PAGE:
The Key to GMAT Critical Reasoning: Reading to find the missing link Part 2

Unfortunately, the missing links on the GMAT are much more subtle and difficult to find than the blue dress example discussed in the previous post. However, with a lot of practice, critical thinking and active reading, it will start to come naturally.   Let’s take a look at a more realistic GMAT type question:

At Bryowan University a group of college students participated in a sleep study. Half of them slept a full 8 hours a night for a week, the other half slept for a total of 8 hours, but were woken up two to three times during the night each night, during that week. The half that slept the full 8 hours straight performed better, on average, on a logical reasoning exam than the half whose sleep was interrupted.   Therefore, people have the best brain function when they sleep for a full 8 hours, uninterrupted.

This argument tries to use the results of the study to prove the conclusion that people have the best brain function when they sleep for a full 8 hours uninterrupted. There are actually quite a few missing links here, let’s look at a few:

  • First, you have the sample of people. The people who were tested were all college students who, on average, are aged 18-22. However, the conclusion is about people in general, which is a leap on logic. If something affects people 18-22 in a certain way, it doesn’t necessarily mean that it will affect all people in that way.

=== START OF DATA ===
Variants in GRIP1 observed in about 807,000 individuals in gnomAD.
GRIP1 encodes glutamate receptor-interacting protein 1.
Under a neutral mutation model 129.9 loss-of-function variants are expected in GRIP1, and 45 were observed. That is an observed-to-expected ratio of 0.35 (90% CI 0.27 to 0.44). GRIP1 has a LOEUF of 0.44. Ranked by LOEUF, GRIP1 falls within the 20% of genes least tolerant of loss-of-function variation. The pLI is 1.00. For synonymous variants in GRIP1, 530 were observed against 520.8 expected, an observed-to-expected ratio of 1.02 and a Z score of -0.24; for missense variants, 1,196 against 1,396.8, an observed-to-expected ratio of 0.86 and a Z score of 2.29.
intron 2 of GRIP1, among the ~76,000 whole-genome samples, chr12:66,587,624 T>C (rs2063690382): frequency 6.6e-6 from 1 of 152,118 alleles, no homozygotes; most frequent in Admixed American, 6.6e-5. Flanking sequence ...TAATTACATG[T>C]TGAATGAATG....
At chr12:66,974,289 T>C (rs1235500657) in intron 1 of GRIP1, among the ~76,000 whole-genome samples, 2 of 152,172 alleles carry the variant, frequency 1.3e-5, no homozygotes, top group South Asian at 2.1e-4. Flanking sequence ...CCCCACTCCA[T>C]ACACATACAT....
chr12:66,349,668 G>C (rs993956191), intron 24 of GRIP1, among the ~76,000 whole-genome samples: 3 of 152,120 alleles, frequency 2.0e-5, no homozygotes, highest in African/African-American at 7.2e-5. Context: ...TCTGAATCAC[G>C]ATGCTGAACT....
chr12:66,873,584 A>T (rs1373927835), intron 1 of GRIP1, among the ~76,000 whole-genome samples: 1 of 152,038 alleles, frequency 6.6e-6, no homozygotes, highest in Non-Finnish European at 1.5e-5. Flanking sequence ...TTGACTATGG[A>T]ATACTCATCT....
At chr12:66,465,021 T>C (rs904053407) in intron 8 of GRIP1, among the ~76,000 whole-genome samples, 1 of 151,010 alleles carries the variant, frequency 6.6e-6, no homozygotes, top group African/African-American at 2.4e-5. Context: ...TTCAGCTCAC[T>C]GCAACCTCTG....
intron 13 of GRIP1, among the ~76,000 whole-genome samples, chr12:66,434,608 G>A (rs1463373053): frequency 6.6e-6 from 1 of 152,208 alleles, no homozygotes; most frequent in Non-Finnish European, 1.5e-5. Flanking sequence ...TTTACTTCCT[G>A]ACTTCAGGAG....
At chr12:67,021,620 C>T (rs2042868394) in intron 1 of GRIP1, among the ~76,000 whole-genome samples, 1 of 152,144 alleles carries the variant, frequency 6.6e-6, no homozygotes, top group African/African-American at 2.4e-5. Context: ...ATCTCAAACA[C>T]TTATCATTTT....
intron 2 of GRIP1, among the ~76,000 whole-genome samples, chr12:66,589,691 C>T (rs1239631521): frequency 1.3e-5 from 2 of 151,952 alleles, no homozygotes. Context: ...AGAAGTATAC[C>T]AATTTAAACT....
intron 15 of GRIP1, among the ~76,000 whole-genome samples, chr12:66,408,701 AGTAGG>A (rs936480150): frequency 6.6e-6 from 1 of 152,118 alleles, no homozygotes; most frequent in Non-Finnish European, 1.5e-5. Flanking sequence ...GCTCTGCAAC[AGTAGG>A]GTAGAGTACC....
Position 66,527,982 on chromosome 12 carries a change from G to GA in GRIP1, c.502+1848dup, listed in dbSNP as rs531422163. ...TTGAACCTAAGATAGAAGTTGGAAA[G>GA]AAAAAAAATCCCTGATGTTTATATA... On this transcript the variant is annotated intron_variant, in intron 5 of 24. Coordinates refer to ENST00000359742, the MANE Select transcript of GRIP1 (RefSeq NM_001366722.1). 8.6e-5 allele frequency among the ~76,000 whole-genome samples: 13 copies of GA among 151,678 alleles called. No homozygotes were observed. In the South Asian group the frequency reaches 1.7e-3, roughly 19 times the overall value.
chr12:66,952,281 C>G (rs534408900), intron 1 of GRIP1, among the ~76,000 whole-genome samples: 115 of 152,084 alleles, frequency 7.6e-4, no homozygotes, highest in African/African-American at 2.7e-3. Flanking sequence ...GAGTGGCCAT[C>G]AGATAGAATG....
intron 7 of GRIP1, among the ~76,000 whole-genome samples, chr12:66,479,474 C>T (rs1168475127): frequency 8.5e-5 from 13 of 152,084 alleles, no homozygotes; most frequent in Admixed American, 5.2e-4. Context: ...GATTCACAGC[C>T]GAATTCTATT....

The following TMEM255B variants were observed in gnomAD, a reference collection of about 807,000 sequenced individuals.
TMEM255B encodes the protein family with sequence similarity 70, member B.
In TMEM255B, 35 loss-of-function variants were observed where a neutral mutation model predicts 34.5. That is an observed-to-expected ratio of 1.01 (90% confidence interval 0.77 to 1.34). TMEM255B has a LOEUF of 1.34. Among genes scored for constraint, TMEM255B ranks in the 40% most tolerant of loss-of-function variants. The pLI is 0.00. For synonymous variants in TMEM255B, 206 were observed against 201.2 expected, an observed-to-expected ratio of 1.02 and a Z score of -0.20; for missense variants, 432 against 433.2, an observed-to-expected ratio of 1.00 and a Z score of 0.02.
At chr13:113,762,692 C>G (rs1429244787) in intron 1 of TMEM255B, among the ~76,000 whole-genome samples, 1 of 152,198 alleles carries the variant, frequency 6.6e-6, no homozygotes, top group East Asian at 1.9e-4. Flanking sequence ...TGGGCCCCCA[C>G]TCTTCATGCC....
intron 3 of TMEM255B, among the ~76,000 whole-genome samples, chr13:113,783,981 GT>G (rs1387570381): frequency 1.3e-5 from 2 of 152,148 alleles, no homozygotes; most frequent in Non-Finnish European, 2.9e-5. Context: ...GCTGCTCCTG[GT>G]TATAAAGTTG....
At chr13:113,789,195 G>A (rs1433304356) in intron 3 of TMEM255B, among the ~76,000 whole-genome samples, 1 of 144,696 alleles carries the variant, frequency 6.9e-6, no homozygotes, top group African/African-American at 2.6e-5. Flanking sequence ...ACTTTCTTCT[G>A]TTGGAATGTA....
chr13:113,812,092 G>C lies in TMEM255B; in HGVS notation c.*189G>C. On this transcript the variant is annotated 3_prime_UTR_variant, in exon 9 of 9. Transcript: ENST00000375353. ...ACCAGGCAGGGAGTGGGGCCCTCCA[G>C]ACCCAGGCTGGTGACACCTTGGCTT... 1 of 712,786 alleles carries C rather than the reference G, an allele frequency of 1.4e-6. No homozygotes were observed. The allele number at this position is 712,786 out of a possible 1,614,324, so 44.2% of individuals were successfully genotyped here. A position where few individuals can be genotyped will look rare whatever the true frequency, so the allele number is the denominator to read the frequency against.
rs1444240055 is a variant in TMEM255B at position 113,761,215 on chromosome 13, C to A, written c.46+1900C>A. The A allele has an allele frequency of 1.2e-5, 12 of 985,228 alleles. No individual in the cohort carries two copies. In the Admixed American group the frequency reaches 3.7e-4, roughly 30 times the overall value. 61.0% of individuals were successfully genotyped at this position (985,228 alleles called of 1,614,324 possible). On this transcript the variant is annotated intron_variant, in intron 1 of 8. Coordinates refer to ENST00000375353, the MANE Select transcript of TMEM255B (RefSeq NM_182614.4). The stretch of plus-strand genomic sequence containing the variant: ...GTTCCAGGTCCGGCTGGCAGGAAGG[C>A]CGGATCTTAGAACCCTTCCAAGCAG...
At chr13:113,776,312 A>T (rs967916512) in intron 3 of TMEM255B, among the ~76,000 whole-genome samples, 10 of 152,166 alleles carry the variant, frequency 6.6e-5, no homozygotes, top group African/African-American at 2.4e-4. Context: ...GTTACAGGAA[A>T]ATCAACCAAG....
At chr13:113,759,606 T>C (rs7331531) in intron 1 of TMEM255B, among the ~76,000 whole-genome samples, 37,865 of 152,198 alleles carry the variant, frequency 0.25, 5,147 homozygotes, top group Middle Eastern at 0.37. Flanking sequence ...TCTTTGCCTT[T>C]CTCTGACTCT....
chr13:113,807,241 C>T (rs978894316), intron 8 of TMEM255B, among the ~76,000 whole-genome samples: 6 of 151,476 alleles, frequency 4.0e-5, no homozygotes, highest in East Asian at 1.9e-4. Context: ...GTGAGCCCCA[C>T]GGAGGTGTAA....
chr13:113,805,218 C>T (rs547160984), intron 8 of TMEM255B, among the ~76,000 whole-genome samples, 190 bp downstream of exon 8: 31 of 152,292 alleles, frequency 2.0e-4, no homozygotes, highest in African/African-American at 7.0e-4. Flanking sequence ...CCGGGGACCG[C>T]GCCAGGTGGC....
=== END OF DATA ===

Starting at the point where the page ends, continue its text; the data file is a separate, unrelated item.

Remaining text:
• Another leap in logic is the assumption that a higher score on a logical reasoning exam means that the person has a higher brain function. This might not necessarily be the case. For example, people may perform better on logical reasoning, but poorer on everything else, thus having an overall lower brain function.
  • Another problem with this argument is the use of the word best. Always be wary of words like best, most or any other type of extreme language. The study discussed in the argument only tested two different sleep scenarios. Just because one is better than the other, doesn’t necessarily mean that it is the best.

After you have asses the problems with the argument, you can use them to find the correct answer in various ways, depending on the question type.

Meet the Author

Eliza Chute

I was always just an average student, but with the right course prep I was able to score a 770 on my first try. I had to wade through a lot of material to find what was right for me, but luckily for you I've done all the research for you! See more on my GMAT courses page.

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